New Saudi law on ingredient, calorie counts shows the way for other GCC countries in fight against diabetes, obesity – STA’s Sunil Thacker
Laws introducing subsidised organic school meals and ingredient and calorie counts displayed in restaurants, cafes and all other eateries can help give the UAE a healthy future, a top lawyer says.
While important steps have been taken to reduce diabetes in recent years, obesity remains a major threat, with one in every three schoolchildren either overweight or obese.
Sunil Thacker, senior partner at STA Law Firm, believes it is inevitable that a new wave of measures to raise health standards of residents will be delivered as the government continues its policy of legal reforms.
“The new laws implemented last year and the legislation due in 2019 are largely designed to take the country forward as thriving economic force, and the health of the people is a vital part of this process for any growing economy,” he said.
“Although there has been considerable improvement in the health of residents in recent years, there is still a long way to go for the UAE to attain optimal health status on a global level.”
While diabetes in the UAE dropped to 11.8 per cent of the population in 2017 from 19.3 per cent in 2013, the rate of obesity in UAE schoolchildren is double the global prevalence.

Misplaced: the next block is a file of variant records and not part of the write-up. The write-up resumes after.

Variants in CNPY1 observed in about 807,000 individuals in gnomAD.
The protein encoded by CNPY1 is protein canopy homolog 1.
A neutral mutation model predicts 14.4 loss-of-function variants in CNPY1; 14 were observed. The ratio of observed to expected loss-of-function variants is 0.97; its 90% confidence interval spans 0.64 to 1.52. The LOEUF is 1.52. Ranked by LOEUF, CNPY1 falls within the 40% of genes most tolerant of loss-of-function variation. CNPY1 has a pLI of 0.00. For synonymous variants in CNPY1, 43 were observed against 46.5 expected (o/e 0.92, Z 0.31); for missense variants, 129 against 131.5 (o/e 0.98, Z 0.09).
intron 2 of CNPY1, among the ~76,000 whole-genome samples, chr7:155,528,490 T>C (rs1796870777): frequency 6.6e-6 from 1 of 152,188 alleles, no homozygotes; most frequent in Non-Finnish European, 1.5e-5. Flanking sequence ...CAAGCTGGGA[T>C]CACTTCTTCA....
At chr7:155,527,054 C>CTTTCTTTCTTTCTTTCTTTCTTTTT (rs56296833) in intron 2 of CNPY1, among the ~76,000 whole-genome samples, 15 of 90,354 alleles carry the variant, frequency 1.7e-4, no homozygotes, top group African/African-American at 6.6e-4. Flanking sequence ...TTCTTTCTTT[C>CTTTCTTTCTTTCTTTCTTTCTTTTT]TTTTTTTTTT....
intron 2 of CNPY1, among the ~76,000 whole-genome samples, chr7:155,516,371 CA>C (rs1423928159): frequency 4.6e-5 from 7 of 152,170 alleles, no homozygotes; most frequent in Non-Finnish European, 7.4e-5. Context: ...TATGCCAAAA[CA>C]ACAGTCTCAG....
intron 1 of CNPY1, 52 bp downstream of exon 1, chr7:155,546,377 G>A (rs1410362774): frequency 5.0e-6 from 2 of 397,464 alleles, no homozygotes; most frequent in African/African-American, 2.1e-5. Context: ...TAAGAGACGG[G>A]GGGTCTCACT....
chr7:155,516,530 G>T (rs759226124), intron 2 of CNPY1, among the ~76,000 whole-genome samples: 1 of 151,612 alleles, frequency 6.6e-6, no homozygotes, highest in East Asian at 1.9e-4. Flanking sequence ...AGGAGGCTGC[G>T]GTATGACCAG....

Obesity and diabetes issues are major concerns across the region, and in Saudi Arabia, restaurants and cafes were given until the end of 2018 to comply with instructions to display ingredients and calorie counts of their meals and beverages.
“That initiative was a significant step in encouraging other GCC countries to do the same,” said Thacker. “This requirement has been gaining worldwide support. It would not come as a surprise if other GCC countries like the UAE follow the example set by Saudi Arabia.
“Another positive initiative would be to deliver healthier and more organic food at subsidized rates within UAE schools, universities, and office cafeterias. Incentives could also be offered to institutions that adopt and encourage healthy eating plans.
“Schools and universities could also provide students with compulsory courses on nutrition and appoint a nutritional advisor to offer guidance to the young generation.
“Given the objectives of UAE Vision 2021, which sets the key themes for the country’s social and economic development, we could be seeing significant changes in the near future.”
The scale of the UAE’s obesity problem was highlighted at a GCC conference staged in Dubai last year to address the issue. Experts at the conference said more than 1.9 billion adults and 381 million children around the world are known to be either overweight or obese. In the UAE, one in every three schoolchildren was either overweight or obese, double the global prevalence.Email This Post